Vanuatu The Facts

|Vanuatu The Facts
Vanuatu The Facts 2017-08-28T10:41:47+00:00

Vanuatu is a South Pacific Ocean nation made up of 80 plus islands in an archipelago that stretches 1,300 kilometers. Multiple waves of colonizers, each speaking a distinct language, migrated to the New Hebrides in the millennia preceding European exploration in the 18th century.

This settlement pattern accounts for the complex linguistic diversity found on the archipelago to this day. The British and French, who settled the New Hebrides in the 19th century, agreed in 1906 to an Anglo-French Condominium, which administered the islands until independence in 1980, when the new name of Vanuatu was adopted.

Languages: local languages (more than 100) 63.2%, Bislama (official; creole) 33.7%, English (official)2%, French (official) 0.6%, other 0.5% (2009 est.).

Religions: Protestant 70% (includes Presbyterian 27.9%, Anglican 15.1%, Seventh Day Adventist 12.5%, Assemblies of God 4.7%, Church of Christ 4.5%, Neil Thomas Ministry 3.1%, and Apostolic 2.2%), Roman Catholic 12.4%, customary beliefs 3.7% (including Jon Frum cargo cult), other 12.6%, none 1.1%, unspecified 0.2% (2009 est.).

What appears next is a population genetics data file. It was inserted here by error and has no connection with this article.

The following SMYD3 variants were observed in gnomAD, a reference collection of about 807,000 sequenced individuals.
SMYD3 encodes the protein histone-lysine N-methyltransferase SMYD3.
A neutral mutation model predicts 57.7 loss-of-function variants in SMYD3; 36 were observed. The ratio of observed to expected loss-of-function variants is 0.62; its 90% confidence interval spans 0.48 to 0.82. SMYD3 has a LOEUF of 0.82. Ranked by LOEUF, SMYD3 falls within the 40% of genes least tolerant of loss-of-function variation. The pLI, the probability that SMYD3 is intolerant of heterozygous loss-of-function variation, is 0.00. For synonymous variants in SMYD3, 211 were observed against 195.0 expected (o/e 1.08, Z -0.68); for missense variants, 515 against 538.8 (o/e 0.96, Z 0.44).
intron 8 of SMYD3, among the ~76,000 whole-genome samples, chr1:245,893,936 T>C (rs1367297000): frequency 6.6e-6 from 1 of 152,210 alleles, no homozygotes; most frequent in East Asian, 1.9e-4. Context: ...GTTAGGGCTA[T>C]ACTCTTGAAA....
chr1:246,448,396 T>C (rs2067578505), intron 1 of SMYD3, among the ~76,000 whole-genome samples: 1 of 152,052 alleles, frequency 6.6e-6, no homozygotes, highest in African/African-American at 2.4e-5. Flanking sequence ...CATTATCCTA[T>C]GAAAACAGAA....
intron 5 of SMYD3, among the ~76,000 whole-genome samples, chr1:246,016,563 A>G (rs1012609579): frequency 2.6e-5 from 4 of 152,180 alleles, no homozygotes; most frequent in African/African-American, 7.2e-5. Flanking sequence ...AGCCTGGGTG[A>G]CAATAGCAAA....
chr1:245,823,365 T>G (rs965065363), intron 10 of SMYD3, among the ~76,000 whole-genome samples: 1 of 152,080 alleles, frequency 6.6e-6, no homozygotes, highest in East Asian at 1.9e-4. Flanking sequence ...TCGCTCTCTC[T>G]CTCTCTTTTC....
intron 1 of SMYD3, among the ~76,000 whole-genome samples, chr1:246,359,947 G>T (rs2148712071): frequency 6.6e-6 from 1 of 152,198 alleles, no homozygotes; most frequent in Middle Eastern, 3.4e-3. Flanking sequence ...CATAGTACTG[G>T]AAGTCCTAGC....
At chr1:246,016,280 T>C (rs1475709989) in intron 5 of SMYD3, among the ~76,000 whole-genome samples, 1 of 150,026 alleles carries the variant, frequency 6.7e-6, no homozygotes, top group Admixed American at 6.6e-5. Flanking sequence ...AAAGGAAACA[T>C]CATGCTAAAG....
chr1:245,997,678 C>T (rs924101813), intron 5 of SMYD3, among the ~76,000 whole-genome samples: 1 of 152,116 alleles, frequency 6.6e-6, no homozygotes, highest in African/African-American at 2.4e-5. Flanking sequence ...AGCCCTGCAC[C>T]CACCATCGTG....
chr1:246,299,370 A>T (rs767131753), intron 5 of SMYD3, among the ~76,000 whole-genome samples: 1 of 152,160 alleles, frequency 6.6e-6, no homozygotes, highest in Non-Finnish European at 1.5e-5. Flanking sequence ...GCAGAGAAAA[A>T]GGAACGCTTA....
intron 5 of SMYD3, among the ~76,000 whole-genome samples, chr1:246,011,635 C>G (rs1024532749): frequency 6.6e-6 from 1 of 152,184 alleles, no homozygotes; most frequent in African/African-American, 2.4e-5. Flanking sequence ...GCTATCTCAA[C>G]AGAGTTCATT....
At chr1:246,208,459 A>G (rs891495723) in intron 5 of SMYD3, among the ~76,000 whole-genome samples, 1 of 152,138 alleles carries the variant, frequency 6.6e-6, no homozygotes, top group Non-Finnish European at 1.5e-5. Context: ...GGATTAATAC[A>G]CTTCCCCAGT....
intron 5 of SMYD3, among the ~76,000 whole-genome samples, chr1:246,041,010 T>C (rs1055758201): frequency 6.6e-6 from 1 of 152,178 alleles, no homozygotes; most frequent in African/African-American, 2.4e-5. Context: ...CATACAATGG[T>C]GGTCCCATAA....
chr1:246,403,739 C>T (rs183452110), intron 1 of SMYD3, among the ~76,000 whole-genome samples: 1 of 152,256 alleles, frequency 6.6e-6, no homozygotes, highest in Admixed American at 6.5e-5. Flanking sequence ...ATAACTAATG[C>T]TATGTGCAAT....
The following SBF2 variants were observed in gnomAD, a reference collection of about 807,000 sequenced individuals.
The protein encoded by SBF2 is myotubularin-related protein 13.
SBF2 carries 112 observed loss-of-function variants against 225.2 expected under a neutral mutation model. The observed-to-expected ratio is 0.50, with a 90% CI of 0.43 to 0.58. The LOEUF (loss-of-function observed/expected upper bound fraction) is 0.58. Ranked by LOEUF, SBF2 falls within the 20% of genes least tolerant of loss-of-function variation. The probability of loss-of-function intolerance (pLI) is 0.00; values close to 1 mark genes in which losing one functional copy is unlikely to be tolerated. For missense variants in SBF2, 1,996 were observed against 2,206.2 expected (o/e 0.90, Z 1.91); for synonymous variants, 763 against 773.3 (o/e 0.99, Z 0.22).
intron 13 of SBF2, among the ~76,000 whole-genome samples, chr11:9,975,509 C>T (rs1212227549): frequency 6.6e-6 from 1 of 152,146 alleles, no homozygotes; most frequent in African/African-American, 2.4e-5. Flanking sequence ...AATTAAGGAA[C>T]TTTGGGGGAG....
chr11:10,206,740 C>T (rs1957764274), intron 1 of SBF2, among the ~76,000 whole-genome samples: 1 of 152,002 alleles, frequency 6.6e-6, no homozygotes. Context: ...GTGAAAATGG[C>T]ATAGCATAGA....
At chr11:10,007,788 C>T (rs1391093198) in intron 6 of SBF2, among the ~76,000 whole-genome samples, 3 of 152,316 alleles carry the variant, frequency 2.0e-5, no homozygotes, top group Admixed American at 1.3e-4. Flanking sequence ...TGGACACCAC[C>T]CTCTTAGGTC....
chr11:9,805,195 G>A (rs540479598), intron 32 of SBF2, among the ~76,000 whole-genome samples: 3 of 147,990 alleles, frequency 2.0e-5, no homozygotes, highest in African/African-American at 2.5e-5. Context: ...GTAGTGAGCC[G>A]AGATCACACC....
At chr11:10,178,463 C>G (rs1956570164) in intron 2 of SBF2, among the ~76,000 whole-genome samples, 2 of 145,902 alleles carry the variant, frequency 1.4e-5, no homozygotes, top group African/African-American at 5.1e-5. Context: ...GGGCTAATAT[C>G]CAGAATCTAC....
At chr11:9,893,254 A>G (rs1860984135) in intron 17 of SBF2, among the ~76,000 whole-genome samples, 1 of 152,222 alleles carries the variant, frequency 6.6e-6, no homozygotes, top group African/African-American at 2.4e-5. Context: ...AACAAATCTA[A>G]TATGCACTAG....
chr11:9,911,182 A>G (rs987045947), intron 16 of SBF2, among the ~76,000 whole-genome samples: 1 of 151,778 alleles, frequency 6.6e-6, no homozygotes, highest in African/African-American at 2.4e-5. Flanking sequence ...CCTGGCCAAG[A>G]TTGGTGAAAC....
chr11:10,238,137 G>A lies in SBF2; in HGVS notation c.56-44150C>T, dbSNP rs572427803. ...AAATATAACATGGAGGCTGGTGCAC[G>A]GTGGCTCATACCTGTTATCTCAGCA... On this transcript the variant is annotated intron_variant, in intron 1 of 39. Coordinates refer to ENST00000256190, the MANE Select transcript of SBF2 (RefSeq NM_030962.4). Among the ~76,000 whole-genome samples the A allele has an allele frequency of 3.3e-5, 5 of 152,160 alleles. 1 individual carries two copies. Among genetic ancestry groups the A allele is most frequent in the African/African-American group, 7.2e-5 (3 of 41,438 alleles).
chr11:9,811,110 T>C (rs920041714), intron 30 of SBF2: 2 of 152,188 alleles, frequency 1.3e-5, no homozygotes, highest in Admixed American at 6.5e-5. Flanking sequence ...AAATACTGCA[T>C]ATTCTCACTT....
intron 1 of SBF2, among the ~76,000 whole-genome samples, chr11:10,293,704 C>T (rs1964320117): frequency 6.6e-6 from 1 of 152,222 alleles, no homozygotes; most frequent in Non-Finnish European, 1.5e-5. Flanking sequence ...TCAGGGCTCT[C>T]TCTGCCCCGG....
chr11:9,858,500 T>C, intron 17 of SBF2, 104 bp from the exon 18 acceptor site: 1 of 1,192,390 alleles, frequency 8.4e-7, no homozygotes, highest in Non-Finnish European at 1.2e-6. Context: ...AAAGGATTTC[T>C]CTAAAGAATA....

Population: 285,784 (April 2016 est.). Population growth rate 1.95%.

Economy: primarily based on small-scale agriculture, which provides a living for about two-thirds of the population. Fishing, offshore financial services, and tourism, with an estimated 111,000 visitors in 2015, are other mainstays of the economy. Australia and New Zealand are the main source of tourists and aid. A small light industry sector caters to the local market. Tax revenues come mainly from import duties and ground rents.

Since 2002, the government has stepped up efforts to boost tourism through improved air connections, resort development, and cruise ship facilities. Agriculture, especially livestock farming is the second target for growth.

The islands offer scuba diving at coral reefs, underwater caverns and wrecks such as the WWII-era troopship SS President Coolidge. Hiking trails ascend active volcanoes such as Mt. Yasur. Other popular activities include rainforest ecotours, kayaking and deep-sea fishing, plus relaxing at resorts and spas.